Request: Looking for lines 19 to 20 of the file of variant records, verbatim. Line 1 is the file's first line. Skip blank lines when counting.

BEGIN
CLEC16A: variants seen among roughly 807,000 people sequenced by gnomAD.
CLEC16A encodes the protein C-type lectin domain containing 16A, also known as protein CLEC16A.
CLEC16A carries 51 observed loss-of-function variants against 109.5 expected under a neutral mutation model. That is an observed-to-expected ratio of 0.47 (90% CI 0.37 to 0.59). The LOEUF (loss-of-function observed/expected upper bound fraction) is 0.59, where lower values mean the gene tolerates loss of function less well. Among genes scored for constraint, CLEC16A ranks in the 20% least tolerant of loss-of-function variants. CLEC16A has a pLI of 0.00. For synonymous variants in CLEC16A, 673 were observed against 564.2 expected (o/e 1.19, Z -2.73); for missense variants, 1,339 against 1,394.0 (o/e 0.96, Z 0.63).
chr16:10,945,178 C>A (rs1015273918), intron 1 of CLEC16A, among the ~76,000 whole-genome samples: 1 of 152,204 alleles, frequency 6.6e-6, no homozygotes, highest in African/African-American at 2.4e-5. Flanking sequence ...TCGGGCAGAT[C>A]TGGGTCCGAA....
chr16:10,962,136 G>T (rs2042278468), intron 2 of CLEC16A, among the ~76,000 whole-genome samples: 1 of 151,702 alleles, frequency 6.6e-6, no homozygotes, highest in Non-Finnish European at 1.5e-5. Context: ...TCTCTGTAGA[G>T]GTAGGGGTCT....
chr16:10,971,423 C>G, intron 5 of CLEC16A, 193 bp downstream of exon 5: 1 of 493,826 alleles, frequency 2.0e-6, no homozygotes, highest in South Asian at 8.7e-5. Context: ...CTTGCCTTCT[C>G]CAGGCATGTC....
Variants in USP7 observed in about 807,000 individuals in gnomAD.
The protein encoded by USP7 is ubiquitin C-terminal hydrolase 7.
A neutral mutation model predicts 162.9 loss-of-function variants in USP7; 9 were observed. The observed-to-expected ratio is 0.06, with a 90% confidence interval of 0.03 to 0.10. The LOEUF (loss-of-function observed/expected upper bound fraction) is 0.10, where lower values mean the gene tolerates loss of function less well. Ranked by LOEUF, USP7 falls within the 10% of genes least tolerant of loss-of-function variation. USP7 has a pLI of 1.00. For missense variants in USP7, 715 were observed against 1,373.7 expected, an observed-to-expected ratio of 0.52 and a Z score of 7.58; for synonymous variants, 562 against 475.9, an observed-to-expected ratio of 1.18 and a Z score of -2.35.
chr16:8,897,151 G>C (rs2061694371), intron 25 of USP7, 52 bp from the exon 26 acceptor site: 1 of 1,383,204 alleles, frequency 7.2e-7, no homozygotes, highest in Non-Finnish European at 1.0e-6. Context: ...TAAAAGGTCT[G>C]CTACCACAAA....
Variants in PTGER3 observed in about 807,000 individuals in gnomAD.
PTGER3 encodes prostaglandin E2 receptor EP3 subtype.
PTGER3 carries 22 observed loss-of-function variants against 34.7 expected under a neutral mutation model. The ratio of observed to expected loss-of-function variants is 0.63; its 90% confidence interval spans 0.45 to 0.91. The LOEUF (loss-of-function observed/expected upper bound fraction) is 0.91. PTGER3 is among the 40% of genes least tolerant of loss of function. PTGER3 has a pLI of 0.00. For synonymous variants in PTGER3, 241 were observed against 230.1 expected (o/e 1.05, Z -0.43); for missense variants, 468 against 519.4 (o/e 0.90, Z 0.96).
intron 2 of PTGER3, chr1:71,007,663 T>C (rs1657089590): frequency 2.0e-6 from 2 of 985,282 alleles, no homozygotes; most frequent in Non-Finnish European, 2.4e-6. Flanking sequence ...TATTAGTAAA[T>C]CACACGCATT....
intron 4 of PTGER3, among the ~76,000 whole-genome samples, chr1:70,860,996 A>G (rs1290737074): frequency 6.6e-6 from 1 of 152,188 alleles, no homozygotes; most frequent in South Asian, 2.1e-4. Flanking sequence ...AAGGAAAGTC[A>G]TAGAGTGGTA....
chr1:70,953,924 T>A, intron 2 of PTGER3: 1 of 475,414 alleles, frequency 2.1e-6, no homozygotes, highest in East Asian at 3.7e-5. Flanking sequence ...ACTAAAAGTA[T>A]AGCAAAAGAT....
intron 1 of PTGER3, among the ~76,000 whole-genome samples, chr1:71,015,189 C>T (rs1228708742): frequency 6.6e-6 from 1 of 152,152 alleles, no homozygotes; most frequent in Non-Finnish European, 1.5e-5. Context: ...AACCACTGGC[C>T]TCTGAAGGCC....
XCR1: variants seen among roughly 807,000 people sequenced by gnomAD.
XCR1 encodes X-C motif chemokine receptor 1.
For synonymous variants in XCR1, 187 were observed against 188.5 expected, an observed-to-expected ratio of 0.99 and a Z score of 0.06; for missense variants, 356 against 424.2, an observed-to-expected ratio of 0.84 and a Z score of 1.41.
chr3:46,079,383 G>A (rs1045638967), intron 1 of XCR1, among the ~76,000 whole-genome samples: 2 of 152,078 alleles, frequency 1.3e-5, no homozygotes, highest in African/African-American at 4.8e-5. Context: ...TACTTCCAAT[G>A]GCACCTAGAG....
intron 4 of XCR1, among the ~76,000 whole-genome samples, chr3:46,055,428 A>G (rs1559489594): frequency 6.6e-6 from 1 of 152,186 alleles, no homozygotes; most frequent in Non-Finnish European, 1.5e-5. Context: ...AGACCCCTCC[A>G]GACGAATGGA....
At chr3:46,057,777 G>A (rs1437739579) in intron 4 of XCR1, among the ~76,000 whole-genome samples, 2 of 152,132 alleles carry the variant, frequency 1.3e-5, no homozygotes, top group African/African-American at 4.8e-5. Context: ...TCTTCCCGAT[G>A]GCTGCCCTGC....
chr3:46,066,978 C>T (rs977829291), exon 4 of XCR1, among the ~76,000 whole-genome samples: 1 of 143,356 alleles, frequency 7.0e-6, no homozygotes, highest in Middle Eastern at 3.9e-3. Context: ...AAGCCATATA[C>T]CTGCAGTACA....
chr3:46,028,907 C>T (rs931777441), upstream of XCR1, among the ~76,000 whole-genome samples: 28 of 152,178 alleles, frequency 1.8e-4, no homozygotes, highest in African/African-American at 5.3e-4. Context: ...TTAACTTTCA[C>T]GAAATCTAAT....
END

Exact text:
XCR1 encodes X-C motif chemokine receptor 1.
For synonymous variants in XCR1, 187 were observed against 188.5 expected, an observed-to-expected ratio of 0.99 and a Z score of 0.06; for missense variants, 356 against 424.2, an observed-to-expected ratio of 0.84 and a Z score of 1.41.